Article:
The influence of overtime on cognitive function as measured by neurobehavioral tests in an occupational setting
Proctor, Susan P.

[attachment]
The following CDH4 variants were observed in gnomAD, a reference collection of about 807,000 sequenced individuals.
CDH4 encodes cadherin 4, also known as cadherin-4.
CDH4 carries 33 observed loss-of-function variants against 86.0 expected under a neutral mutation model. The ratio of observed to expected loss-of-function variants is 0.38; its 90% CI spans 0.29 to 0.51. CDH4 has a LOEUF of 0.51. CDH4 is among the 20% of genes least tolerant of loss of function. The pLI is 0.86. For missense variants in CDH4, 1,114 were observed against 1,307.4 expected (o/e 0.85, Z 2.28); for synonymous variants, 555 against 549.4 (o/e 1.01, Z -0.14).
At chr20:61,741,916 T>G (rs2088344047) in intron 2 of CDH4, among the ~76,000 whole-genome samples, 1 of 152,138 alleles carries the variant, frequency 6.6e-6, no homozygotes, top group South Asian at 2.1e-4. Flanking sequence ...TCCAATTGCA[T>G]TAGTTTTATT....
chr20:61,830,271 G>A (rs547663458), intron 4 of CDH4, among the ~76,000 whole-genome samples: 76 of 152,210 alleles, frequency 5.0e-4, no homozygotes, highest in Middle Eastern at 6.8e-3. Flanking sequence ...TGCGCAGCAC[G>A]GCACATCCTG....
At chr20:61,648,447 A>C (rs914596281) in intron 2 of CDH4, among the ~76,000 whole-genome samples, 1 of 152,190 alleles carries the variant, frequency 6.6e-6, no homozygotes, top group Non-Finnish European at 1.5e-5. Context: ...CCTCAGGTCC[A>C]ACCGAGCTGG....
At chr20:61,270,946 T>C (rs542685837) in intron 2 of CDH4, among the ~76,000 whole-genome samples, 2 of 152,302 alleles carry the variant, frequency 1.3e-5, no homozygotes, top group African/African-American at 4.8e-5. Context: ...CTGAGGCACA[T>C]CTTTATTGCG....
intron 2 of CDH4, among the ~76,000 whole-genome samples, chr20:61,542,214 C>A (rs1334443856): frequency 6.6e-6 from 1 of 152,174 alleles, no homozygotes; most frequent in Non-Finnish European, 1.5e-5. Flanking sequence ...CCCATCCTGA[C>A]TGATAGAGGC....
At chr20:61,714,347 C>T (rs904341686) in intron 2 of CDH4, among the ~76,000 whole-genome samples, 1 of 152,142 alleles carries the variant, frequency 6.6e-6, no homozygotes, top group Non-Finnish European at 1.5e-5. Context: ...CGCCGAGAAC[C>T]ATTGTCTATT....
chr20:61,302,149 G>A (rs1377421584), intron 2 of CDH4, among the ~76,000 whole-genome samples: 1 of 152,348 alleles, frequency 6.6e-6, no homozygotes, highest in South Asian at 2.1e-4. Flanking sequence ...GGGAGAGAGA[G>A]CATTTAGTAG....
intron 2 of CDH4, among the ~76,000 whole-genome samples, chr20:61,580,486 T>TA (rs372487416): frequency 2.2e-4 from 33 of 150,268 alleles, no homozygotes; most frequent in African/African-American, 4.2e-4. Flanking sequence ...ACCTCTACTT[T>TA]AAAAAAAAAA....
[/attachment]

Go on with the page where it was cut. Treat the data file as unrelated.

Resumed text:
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This two year cohort study involved 248 workers within the automotive industry and explored the effects of two workplace factors, e.g. overtime and assembly-line work, on behavior and cognitive performance as measured by neurobehavioral tests. Review of the occupational epidemiology literature did not reveal any studies of the effects of cumulative fatigue, as a result of long work days due to overtime, on cognitive abilities or job performance. Overtime, defined as number of hours worked greater than 8 hours per day and/or greater than 5 days per week, was calculated from company payroll records. Subjects were categorized as working a machine-paced, assembly line job based on review of their work histories and characterization of their job codes. Cross-sectional analysis of Year 1 data by multiple linear regression demonstrated that overtime worked the week before testing was significantly associated with increased response times on tasks involving simple and complex attention and executive function and an attention-requiring task of basic verbal abilities. The findings from Year 1 support the hypothesis that overtime per week results in cumulative fatigue which affects cognitive performance in the specific functional domains of attention and executive function. Machine-paced work was significantly associated with impaired performance in the areas of attention and executive function, however no significant mood changes were observed. An increased number of errors on a task of complex attention and executive function, poorer performance on a visual memory task involving attention and new learning skills, and reduced percent correct on a computerized task of attention and motor skills and on an attention-requiring task of basic verbal abilities were observed. Machine-paced work did not significantly affect the observed effects of overtime. The results suggest a different response to the strain produced by machine-paced work than that observed with overtime. Machine-paced work was predictive of a faster response time with increased errors, whereas the fatigue effects of overtime resulted in a slower time to complete a task without a decrease in accuracy. Neither overtime nor machine-paced work was associated with performance on any test in Year 2. It was suspected that fewer subjects working increased overtime hours, loss-to-follow-up, and that two of the tests associated with overtime in Year 1 were not repeated in the Year 2 battery, contributed to the difference in the findings between the two years. Further study is recommended to evaluate the proposed hypotheses regarding the effects of overtime and machine-paced work on cognitive function and to investigate the strategic response difference between overtime and machine-paced work.
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